The Covid 19 Pandemic has given a much need break to Marine life
Good things come to those who wait. Underwater photography guru Mario Vitalini considers what the worldwide COVID-19 lockdown has done in terms of giving marine life and coral reefs a much-needed ‘break’.
Photographs by Mario Vitalini
Sitting at my desk, looking out the window at an early autumn sunset, I find myself daydreaming about warm-water dives with my camera. Some destinations, some dive sites – they have the right ingredients that make taking pictures not just more enjoyable, but also easier. A healthy environment with good corals, abundant (and when you are really lucky, co-operative) marine life and not many other divers… these are the hallmarks of a super photo dive.
And as 2020 draws to autumn, I have been wondering how will the last few months under lockdown have affected my favourite photo destinations? How will the reefs look the next time I’ll be able to visit them? The current pandemic has impacted almost every aspect of our lives, but dare we hope that 2020 will have been a good year for coral reefs?
I look to the Red Sea for an early indication. I first visited Egypt in the early 1990s as a newly certified advanced diver. I can’t really recall much of that trip, but the incredible fish life and spectacularly lush corals left a lasting impression on me.
In early 2000s, I went back to work as an instructor and for about five years I had the opportunity to dive almost all of the Egyptian Red Sea, from the northern wrecks and reefs to the offshore walls of the south. By the time I left in 2007, there was a general sense that the impact of this tourism was being felt on the reef ecosystems.
The Arab Spring paused most diving for several months, and by the time I went back in 2012 I saw first-hand how quickly the underwater world can recover if given the opportunity. I was treated to flourishing, healthy reefs and bags of fish life. Sites such as Jackson and Yolanda reef were bursting with thick colourful soft corals and the hard corals at The Barge were showing a lot of signs of new growth. Anthias, fusiliers and red-toothed triggerfish were swimming around all the sites in big numbers.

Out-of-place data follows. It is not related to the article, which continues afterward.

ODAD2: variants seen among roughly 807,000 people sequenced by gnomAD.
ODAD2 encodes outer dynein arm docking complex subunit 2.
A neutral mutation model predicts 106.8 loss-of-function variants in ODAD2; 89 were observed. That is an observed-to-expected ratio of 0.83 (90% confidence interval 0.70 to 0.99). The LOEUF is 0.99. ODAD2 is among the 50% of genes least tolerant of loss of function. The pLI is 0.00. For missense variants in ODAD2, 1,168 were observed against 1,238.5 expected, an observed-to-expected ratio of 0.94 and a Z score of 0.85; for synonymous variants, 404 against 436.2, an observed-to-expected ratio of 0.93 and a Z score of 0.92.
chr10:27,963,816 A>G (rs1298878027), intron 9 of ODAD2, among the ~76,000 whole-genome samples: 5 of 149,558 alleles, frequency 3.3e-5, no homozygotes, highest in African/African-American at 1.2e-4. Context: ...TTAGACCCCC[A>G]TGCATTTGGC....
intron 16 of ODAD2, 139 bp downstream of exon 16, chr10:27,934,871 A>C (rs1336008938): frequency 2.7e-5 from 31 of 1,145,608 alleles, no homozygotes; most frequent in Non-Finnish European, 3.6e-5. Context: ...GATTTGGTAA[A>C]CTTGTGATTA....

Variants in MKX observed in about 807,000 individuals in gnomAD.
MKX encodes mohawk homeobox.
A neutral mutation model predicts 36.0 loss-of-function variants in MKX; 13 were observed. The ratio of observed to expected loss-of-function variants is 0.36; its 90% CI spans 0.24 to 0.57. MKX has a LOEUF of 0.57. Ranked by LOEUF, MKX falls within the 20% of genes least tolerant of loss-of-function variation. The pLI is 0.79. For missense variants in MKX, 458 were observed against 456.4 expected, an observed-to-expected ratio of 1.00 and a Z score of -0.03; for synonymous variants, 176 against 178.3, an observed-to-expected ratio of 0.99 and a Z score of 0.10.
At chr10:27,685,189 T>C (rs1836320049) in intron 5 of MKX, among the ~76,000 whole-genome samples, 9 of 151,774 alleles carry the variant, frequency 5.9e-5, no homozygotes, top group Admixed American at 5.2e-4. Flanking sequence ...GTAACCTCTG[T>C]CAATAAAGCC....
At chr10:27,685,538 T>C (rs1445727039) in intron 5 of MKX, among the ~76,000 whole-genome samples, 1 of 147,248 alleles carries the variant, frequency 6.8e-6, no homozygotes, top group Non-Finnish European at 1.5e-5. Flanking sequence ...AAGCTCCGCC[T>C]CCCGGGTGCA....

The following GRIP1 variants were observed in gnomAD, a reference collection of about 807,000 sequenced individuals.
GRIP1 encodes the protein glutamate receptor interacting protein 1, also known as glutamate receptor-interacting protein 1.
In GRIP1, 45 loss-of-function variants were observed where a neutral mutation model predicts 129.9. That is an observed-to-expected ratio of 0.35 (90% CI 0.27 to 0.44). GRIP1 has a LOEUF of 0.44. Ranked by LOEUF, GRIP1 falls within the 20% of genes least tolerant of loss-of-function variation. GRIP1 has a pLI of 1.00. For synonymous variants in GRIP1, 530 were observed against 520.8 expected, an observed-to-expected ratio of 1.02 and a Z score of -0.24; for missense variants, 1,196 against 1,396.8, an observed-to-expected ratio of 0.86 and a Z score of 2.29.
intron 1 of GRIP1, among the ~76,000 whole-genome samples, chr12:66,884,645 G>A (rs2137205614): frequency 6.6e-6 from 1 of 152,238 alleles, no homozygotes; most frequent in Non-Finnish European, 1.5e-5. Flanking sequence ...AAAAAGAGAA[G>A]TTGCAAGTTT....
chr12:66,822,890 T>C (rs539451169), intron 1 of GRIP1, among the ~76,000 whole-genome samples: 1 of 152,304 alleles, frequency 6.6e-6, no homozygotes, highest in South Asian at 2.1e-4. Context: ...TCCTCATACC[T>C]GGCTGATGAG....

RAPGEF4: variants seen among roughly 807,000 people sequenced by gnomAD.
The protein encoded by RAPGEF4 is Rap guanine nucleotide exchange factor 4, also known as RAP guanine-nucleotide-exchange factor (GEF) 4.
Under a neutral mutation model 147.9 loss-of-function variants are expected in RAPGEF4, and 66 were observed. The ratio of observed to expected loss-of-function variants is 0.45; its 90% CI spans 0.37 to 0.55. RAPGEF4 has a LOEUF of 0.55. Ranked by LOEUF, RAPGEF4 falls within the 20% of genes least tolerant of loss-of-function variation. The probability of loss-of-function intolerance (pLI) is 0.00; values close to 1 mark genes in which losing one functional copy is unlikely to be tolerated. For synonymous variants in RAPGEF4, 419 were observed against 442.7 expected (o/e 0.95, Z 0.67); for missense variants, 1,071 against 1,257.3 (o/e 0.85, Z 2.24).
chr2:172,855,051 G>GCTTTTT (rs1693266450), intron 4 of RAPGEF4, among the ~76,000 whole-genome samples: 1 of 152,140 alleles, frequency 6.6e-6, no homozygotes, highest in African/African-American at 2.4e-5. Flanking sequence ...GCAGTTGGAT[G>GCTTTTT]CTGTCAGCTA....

In March 2020, almost the entire world went into lockdown. Many dive destinations have been virtually dived since. Otherwise busy sites have been almost deserted. Coral reefs will have had a break from all the pollutants found in suntan lotions, worn by snorkellers and divers. Most touristic and commercial boat traffic stopped altogether. This global ‘pause’ hopefully gave stressed ecosystems an opportunity to bounce back.
Today, although several popular destinations are still closed to divers, a handful have made tentative steps to reopen. It’s early days but the signs are very encouraging. The Red Sea, the Maldives, some Caribbean islands and offshore Pacific hotspots have been welcoming limited numbers of tourists since mid-summer.
In each country, dive operators have had to go through a rigorous process of government certifications to be allowed to resume. Combined with pre-travel testing, extensive cleaning protocols, PPE and social distancing, dive operations are doing everything possible to welcome divers in a secure and safe environment. And after months on dry land, the dive guides are more enthusiastic than ever.
The photos and videos I have seen so far show suggest that lockdown has been especially beneficial for pelagics. In Egypt, an unusually high number of whalesharks have been spotted around the northern sites this summer, and divers report being the only ones at normally busy sites such as the Thistlegorm.
In the Maldives, the manta rays appear relaxed and coming to the cleaning stations in large groups. Ali Matha, another site that attracts many dive boats, has been packed with the resident nurse sharks and very few divers. There were concerns that the lack of diving boats has created a space for fishing vessels to move in, but the reports from areas like the Galapagos or Cocos show huge schools of hammerheads. This could be the perfect time to pack your wide-angle kit and head to your favourite big fish dive spot.
But while the reefs are bursting with life, many resorts and liveaboards are working at reduced capacity, and most offer the possibility for you to have your own cabin. When you carry loads of photographic equipment, the extra space is welcome on board – all the more so as a diver in 2020. And underwater, you should able to avoid other divers, photobombing your shots with pesky bubbles in the background.
We all have to get used to a new way of travelling, which includes the need for testing and potentially to quarantine when coming home. I understand this way of travel won’t work for everyone and these concerns will, without a doubt, dissuade many from taking long journeys. But for those that can make the journey, get your wide-angle lenses and dome ports out, pack your kit and you should find vibrant reef scenes, few other divers and impressive pelagic encounters. As photographers, we are always being told patience is a virtue, and boy, this has certainly been true in 2020. But it looks like it’s been worth the wait.
Click here for Scuba Diver ANZ issue 31